Neoliberalism, consultants and the privatisation of public policy formulation: The case of Britain's rail industry. Jupe, R. & Funnell, W. Critical Perspectives on Accounting.
Neoliberalism, consultants and the privatisation of public policy formulation: The case of Britain's rail industry [link]Paper  doi  abstract   bibtex   
This paper identifies the importance of private advisers, particularly consultants, in promoting neoliberal prescriptions in public policy formulation in the recent history of British Government. It examines a consultant-dominated attempt to reform British Rail in the 1980s and the fundamental contribution of advisers to the flawed fragmentation and subsequent privatisation of the rail industry. Concepts drawn from Latour's Sociology of Translation are adopted to examine the attempts by Conservative Governments and their private advisory allies to establish networks of support for privatisation. In each of the episodes along the path to privatisation the paper examines attempts to undermine opposition and gain acceptance of the proposed changes with the production of knowledge claims by consultants, that is Latour's process of purification, followed by the consequences for the rail industry. The paper uses critical financial analysis to contrast the knowledge claims made by consultants with the outcomes of rail privatisation, which include extensive, ongoing transfers from taxpayers to private companies. It concludes by highlighting the dangers ensuing from dogmatic and excessive neoliberal public policy formulation.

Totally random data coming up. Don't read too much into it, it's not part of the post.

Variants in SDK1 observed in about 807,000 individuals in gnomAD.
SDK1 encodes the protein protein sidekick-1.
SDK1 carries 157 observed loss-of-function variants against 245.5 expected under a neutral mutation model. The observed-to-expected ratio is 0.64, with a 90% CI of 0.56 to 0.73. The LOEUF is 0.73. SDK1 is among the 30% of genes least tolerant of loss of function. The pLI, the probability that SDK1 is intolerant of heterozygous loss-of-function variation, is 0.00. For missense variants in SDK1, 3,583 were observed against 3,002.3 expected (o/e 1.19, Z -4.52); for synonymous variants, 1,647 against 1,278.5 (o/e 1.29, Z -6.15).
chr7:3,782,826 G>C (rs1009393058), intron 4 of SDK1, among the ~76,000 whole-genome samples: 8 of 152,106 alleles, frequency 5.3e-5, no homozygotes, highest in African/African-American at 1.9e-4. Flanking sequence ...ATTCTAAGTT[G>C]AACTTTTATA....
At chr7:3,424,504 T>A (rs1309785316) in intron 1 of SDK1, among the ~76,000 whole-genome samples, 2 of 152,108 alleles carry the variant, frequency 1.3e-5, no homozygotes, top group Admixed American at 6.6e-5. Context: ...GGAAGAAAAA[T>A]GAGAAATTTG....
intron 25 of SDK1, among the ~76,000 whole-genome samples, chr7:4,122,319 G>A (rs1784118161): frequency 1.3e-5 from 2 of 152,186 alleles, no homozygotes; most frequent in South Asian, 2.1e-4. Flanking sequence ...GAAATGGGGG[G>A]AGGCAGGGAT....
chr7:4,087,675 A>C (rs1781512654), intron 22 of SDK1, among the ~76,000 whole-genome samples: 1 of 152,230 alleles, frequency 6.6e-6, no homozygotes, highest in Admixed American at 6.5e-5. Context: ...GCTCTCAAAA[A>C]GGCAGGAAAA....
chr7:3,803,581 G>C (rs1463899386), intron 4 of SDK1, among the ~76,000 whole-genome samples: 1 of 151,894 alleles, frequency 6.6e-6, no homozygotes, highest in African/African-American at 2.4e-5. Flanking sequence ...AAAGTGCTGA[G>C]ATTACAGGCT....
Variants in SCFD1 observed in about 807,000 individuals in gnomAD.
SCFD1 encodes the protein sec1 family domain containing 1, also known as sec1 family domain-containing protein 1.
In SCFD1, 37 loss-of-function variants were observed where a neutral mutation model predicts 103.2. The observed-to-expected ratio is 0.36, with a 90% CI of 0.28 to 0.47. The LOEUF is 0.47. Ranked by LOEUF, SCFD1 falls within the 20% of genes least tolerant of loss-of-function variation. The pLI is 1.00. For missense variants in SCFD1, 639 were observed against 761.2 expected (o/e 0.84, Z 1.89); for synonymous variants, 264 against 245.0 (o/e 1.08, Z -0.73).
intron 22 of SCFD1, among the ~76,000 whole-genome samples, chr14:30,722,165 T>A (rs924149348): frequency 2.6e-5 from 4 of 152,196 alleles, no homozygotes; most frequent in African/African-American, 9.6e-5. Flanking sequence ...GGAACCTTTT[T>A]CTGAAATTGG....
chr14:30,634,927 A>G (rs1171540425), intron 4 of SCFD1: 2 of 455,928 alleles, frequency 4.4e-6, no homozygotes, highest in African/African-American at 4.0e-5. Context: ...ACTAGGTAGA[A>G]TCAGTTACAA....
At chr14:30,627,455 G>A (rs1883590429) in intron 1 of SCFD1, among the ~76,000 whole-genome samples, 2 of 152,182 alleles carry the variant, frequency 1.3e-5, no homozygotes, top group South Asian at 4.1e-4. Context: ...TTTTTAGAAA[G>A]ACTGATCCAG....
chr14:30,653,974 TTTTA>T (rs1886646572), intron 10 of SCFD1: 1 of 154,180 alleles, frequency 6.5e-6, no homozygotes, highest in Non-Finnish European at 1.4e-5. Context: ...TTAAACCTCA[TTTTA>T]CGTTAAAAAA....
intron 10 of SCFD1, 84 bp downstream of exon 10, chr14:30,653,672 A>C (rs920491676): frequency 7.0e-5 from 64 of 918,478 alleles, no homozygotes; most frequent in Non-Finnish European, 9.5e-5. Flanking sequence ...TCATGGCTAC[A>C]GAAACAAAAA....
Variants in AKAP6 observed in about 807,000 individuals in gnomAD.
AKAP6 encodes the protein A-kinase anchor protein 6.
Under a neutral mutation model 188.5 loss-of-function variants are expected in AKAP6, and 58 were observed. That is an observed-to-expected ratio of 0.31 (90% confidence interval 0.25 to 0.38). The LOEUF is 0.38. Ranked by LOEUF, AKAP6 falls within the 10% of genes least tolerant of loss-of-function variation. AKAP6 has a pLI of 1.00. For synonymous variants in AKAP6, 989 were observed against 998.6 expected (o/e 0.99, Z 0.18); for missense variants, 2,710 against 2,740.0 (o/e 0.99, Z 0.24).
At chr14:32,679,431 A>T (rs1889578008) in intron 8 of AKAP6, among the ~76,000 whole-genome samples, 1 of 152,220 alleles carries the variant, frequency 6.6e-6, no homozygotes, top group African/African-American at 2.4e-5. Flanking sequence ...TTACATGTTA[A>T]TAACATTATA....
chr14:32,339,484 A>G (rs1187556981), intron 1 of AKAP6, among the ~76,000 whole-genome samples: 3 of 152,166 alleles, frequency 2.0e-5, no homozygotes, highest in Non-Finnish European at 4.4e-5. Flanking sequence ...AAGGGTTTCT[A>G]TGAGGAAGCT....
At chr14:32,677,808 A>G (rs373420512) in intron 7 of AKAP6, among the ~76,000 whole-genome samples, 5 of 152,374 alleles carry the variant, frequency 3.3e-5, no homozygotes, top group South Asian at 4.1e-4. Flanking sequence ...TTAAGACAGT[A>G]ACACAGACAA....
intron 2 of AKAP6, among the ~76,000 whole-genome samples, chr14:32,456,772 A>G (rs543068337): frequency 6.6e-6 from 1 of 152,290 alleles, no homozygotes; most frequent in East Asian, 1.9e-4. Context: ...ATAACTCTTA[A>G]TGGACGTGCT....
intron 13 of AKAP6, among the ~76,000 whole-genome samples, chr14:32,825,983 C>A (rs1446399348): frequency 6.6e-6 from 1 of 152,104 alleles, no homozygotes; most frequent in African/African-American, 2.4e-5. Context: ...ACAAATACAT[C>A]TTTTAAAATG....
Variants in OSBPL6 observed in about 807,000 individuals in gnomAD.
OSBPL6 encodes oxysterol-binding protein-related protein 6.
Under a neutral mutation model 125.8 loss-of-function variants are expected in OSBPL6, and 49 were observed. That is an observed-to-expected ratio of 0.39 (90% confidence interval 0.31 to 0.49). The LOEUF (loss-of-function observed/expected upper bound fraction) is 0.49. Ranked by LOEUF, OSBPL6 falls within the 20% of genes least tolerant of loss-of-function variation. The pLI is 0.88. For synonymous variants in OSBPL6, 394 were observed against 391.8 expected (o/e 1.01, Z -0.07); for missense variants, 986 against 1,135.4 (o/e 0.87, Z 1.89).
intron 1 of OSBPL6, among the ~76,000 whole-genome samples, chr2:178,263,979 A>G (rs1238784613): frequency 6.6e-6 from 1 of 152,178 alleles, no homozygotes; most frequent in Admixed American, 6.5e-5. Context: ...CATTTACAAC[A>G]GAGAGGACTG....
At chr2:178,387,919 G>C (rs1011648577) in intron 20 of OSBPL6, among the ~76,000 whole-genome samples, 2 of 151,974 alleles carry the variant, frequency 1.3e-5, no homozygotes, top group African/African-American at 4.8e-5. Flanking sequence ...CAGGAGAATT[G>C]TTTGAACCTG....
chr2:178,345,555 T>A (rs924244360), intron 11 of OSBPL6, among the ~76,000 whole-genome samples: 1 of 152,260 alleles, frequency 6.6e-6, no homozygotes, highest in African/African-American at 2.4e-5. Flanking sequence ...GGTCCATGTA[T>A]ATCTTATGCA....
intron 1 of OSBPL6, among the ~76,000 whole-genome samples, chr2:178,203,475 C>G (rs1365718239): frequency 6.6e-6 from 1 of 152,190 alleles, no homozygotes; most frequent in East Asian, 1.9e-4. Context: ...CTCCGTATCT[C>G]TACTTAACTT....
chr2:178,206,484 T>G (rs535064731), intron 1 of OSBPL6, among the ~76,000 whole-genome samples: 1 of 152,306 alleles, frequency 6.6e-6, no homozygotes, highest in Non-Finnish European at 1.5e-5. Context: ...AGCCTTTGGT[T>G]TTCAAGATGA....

@article{jupe_neoliberalism_????,
	title = {Neoliberalism, consultants and the privatisation of public policy formulation: {The} case of {Britain}'s rail industry},
	issn = {1045-2354},
	shorttitle = {Neoliberalism, consultants and the privatisation of public policy formulation},
	url = {http://www.sciencedirect.com/science/article/pii/S1045235415000258},
	doi = {10.1016/j.cpa.2015.02.001},
	abstract = {This paper identifies the importance of private advisers, particularly consultants, in promoting neoliberal prescriptions in public policy formulation in the recent history of British Government. It examines a consultant-dominated attempt to reform British Rail in the 1980s and the fundamental contribution of advisers to the flawed fragmentation and subsequent privatisation of the rail industry. Concepts drawn from Latour's Sociology of Translation are adopted to examine the attempts by Conservative Governments and their private advisory allies to establish networks of support for privatisation. In each of the episodes along the path to privatisation the paper examines attempts to undermine opposition and gain acceptance of the proposed changes with the production of knowledge claims by consultants, that is Latour's process of purification, followed by the consequences for the rail industry. The paper uses critical financial analysis to contrast the knowledge claims made by consultants with the outcomes of rail privatisation, which include extensive, ongoing transfers from taxpayers to private companies. It concludes by highlighting the dangers ensuing from dogmatic and excessive neoliberal public policy formulation.},
	urldate = {2015-03-06},
	journal = {Critical Perspectives on Accounting},
	author = {Jupe, Robert and Funnell, Warwick},
	keywords = {Accounting firms, Consultants, Latour, Neoliberalism, Network Rail, Public Sector, Railtrack, Railway privatisation},
	file = {ScienceDirect Full Text PDF:files/51014/Jupe and Funnell - Neoliberalism, consultants and the privatisation o.pdf:application/pdf;ScienceDirect Snapshot:files/51015/S1045235415000258.html:text/html}
}
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